Category Archives: Causes

Find information and resources on advocacy, donating, philanthropy, volunteering and causes.

Being Supportive

When we are choosing the people in our lives, we like to pick ones that comfort us and support us in our times of need. Part of our relationships with these people means supporting them as well. Some of us don’t really know what it means to be supportive, and we do the best we can.

So, what does it mean to be supportive? What can we do to connect with our loved ones better, and help lift them up without any burden to ourselves? Luckily, the answer is quite simple.

Many of us are fixers – we like to solve other people’s problems, lend a hand, and make sure everyone else’s lives are running smoothly. As a fixer myself, I know that more than enough time is spent on these tasks. Living as an adult child of an alcoholic means that I am well versed in the art of fixing, whether it is cleaning up after someone, fixing their mistakes, or bailing them out of trouble when that might not be the best thing for them. Being a fixer is not a bad thing; many of us are caregivers by nature, and we genuinely do love to help out. Being a fixer just means we spend a little too much time focused on fixing others.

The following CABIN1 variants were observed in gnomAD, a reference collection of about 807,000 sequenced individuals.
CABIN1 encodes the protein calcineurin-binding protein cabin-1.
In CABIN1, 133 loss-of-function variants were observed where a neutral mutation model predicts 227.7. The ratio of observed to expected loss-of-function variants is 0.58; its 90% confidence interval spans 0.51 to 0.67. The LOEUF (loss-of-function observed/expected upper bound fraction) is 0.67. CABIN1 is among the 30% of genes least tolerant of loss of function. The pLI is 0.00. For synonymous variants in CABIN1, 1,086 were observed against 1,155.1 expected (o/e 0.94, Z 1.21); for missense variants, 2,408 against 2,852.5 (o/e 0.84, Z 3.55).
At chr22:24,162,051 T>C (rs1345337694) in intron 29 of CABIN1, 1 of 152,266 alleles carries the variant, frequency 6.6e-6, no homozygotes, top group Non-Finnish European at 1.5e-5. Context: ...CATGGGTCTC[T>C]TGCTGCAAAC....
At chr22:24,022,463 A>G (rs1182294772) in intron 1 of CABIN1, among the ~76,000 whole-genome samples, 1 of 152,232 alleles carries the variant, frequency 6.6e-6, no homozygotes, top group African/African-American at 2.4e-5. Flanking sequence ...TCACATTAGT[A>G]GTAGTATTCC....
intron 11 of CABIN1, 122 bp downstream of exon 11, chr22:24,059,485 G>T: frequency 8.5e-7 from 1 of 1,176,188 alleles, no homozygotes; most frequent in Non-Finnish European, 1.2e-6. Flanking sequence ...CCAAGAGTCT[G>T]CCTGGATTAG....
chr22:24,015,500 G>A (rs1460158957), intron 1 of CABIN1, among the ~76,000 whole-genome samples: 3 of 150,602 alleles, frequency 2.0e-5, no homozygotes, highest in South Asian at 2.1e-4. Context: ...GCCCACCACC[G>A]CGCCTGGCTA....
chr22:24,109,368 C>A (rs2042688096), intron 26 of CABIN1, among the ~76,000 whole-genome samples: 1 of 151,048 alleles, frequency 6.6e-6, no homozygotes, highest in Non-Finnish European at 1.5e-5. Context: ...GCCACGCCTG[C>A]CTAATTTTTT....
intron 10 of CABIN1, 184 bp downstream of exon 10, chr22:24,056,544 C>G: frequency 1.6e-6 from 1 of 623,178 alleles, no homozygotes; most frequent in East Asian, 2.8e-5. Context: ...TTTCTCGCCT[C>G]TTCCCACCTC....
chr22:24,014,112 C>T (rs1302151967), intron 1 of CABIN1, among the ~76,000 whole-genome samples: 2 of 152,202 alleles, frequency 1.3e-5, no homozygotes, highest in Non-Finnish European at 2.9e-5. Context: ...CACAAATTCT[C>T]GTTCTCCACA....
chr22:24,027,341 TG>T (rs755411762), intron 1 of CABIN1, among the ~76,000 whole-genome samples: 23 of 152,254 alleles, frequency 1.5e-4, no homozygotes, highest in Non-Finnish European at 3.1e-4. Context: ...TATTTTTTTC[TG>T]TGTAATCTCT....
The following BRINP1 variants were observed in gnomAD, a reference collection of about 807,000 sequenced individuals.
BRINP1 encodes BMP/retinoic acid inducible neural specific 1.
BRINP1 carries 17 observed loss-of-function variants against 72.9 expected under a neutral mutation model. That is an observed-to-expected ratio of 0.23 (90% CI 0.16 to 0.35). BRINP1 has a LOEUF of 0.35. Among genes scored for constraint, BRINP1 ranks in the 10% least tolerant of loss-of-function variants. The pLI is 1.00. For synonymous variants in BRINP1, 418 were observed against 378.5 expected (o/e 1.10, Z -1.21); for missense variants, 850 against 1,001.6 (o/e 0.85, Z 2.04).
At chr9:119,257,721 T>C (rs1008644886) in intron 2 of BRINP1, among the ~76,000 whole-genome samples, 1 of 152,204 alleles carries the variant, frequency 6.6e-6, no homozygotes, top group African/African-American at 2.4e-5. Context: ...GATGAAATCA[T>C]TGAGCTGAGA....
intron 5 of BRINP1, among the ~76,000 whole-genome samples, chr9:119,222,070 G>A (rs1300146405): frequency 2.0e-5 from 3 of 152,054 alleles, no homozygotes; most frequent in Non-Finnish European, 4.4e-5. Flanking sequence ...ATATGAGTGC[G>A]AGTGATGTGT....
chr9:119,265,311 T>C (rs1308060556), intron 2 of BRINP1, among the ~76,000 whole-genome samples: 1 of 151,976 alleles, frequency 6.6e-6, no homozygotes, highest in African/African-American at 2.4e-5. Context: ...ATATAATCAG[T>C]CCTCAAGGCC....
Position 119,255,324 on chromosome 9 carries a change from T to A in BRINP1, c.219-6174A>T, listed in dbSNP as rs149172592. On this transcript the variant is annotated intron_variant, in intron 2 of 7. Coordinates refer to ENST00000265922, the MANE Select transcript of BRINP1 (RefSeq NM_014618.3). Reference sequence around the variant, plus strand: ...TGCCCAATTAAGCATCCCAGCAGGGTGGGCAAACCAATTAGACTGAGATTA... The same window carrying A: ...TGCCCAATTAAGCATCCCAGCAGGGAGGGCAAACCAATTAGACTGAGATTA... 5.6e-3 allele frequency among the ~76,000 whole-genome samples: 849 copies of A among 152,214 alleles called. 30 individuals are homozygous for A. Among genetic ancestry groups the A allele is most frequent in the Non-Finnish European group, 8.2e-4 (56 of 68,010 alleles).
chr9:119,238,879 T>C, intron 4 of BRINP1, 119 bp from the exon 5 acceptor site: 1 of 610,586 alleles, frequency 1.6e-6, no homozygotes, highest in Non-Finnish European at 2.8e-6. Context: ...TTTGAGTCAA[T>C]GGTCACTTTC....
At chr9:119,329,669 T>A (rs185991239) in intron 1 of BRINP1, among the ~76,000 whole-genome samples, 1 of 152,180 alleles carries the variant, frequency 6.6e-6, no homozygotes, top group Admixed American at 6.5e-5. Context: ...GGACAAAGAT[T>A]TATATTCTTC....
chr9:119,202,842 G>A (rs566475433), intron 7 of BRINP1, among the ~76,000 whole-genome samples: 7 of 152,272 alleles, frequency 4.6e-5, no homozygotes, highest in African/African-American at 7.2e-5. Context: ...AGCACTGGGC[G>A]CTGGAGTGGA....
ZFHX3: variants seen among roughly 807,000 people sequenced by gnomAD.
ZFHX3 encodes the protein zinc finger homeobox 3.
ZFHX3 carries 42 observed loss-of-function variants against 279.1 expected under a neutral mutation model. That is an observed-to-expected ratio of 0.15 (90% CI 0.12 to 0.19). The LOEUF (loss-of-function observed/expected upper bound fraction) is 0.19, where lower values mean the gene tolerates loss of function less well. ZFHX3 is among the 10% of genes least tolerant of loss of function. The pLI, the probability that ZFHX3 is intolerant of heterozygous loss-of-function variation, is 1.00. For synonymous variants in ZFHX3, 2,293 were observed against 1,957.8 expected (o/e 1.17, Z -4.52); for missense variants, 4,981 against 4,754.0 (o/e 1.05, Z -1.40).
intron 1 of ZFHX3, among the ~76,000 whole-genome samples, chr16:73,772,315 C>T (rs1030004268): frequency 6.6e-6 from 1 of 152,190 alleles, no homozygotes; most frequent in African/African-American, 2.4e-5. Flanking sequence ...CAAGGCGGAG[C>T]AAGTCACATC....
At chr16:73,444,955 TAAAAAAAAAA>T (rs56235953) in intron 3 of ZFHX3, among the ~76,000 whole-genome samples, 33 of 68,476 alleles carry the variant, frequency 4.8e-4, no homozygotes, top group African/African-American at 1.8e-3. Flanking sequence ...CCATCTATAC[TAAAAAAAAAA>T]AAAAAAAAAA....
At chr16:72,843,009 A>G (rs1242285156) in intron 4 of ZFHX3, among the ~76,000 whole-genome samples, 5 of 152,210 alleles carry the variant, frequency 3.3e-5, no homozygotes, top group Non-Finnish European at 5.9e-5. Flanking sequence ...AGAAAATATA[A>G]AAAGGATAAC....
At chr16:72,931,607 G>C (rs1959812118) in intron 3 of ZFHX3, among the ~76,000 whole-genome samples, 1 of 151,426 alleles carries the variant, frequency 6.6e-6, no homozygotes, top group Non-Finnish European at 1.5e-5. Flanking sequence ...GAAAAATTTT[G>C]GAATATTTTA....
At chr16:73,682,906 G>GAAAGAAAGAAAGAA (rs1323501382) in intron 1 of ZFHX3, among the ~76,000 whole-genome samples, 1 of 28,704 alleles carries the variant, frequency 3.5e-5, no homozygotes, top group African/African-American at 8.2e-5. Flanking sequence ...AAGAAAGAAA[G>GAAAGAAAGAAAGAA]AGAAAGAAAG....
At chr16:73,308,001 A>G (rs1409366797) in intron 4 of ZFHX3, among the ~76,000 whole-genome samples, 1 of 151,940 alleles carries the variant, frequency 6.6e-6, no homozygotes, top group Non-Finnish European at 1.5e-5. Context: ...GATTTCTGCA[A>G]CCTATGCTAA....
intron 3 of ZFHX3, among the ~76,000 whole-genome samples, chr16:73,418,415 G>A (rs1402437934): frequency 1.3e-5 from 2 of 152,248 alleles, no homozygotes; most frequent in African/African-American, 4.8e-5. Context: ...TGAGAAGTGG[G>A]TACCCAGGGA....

Unfortunately, the best intentions can sometimes go astray. We know that we are coming from a loving place or wanting to help and connect with the other person. Constantly telling them how to fix their problems, however, is not what someone wants out of a supportive friend, and we often get pushed away. Continue reading

Mildly Medicated: Wall Street, Parkinson’s Disease and the Music at the Root of it All

Michael Basile is the manager and the “man behind the scenes” of the modern rock bandScreen Shot 2016-07-26 at 11.40.37 PM